The value of information technology: A case study and a framework

  • G. J. van der Pijl
  • H. T. M. van der Zee
  • P. M. A. Ribbers
Conference paper


Over the past years, many attempts have been made to measure the value of IT according to a variety of criteria. In 1993 Brynjolfsson summarized the principal studies of IT and productivity1. He concluded that: “The relationship between information technology and productivity - the fundamental economic measure of a technology’s contribution - is widely discussed but little understood. The general unease and the blurred discussion about the determination of benefits of IT confirm the need for better measurement, frameworks, and tools, to assess and monitor its value. In this paper we describe how the value of information technology was measured at ANWB, The Royal Dutch Touring Club. The case described demonstrates that the value of IT for an enterprise can not be expressed in a single measure. Measurements at different levels have to take place in order to get a clear picture. In the second part of the paper we demonstrate how measurement on different levels can be applied systematically by using the BtripleE framework. The paper is based on the doctoral dissertation of van der Zee2 that was written under the guidance of Ribbers and van der Pijl.


Unable to display preview. Download preview PDF.

Unable to display preview. Download preview PDF.


  1. 1.
    Brynjolfsson, E. (1993), “The Productivity Paradox of Information Technology,” Communications of the ACM, December, vol 36, nbr 12, 67–77Google Scholar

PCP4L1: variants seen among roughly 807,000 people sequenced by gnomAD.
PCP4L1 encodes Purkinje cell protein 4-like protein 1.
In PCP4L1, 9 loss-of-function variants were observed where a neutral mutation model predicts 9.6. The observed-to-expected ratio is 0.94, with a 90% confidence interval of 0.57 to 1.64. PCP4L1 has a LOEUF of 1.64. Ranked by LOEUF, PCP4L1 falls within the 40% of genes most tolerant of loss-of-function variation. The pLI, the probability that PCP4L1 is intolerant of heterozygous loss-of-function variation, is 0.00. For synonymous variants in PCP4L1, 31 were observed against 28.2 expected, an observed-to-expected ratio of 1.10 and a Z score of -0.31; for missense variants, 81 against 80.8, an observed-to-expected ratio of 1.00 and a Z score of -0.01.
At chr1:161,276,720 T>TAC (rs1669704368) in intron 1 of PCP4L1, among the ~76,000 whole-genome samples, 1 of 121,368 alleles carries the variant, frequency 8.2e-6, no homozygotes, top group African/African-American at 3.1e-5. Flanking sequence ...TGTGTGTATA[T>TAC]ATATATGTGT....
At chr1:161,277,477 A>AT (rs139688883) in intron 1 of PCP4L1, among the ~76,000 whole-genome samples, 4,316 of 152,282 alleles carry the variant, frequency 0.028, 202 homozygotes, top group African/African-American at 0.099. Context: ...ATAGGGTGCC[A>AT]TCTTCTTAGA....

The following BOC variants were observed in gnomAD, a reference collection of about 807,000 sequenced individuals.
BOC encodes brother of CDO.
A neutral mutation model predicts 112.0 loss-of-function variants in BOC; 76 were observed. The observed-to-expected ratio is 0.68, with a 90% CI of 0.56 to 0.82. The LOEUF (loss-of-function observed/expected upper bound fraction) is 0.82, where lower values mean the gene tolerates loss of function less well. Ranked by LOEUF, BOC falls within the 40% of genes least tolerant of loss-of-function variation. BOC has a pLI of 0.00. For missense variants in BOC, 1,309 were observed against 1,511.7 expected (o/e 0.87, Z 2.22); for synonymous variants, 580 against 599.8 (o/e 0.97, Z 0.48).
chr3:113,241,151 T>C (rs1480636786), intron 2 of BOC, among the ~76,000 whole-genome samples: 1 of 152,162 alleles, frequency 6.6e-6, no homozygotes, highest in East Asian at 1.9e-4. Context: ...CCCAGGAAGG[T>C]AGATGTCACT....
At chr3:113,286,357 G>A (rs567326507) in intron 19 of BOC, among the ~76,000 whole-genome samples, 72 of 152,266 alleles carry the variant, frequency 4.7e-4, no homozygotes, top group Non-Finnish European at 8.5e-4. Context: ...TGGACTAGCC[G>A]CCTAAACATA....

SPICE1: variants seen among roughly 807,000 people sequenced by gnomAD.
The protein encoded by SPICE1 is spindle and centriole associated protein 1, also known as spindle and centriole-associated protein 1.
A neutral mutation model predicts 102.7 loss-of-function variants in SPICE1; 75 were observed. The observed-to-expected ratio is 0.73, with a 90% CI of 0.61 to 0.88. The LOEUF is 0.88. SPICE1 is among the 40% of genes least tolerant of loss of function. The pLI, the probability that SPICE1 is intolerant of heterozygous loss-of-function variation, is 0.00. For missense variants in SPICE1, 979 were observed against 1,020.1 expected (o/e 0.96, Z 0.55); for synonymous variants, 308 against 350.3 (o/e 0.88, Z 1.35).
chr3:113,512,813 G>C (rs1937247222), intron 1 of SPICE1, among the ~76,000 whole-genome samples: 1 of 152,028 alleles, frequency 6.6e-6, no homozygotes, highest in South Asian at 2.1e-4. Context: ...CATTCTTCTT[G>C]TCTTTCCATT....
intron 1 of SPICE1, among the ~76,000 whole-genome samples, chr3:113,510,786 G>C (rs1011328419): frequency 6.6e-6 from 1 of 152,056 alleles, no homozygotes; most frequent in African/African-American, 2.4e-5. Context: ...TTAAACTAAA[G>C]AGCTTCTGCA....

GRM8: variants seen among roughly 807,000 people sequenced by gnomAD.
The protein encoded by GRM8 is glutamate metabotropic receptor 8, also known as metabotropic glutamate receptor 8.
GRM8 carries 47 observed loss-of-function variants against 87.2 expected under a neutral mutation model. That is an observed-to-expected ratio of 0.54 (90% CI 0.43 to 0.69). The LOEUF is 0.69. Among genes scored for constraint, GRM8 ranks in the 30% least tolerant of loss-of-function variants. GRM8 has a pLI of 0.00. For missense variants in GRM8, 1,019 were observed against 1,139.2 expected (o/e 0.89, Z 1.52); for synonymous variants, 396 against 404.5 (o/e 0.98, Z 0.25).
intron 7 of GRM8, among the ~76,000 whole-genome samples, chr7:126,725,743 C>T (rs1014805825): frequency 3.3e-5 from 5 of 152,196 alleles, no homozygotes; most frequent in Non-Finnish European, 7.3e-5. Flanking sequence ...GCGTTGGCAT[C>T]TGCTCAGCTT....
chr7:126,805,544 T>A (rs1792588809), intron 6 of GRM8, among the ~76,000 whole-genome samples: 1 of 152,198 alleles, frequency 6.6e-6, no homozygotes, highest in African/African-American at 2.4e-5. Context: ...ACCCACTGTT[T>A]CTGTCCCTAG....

2. 2.
    Zee, H.T.M. van der (1996), In search of the value of information technology, doctoral dissertation, Tilburg University Press, TilburgGoogle Scholar
  3. 3.
    Henderson, J.C. and N. Venkatraman(1993), “Strategic Alignment: Leveraging information technology for transforming organizations”, IBM Systems Journal, vol 32, nbr 1, 4–15Google Scholar
  4. 4.
    Kaplan, R.S and D.P. Norton (1992), “The Balanced Scorecard-Measures that Drive Performance,” Harvard Business Review, January-February, 71–79.Google Scholar
  5. 5.
    See van der Zee (note 1) for a more elaborate discussion of the measures usedGoogle Scholar
  6. 6.
    Stoner, J.A.F. and C. Wankel (1986), Management. Englewood Cliffs, N.J.: Prentice-Hall.Google Scholar
  7. 7.
    Rockart, J.F. (1979), Chief executives determine their own data needs, Harvard Business review, March-April, 81–93Google Scholar
  8. 8.
    Van der Pijl, G.J. (1993), Kwaliteit van Informatie in Theorie en Praktijk, Doctoral dissertation Catholic University of Brabant, Tilburg.Google Scholar

Copyright information

© Springer-Verlag/Wien 1997

Authors and Affiliations

  • G. J. van der Pijl
    • 1
  • H. T. M. van der Zee
    • 1
  • P. M. A. Ribbers
    • 1
  1. 1.Tilburg UniversityNolan NortonNetherlands

Personalised recommendations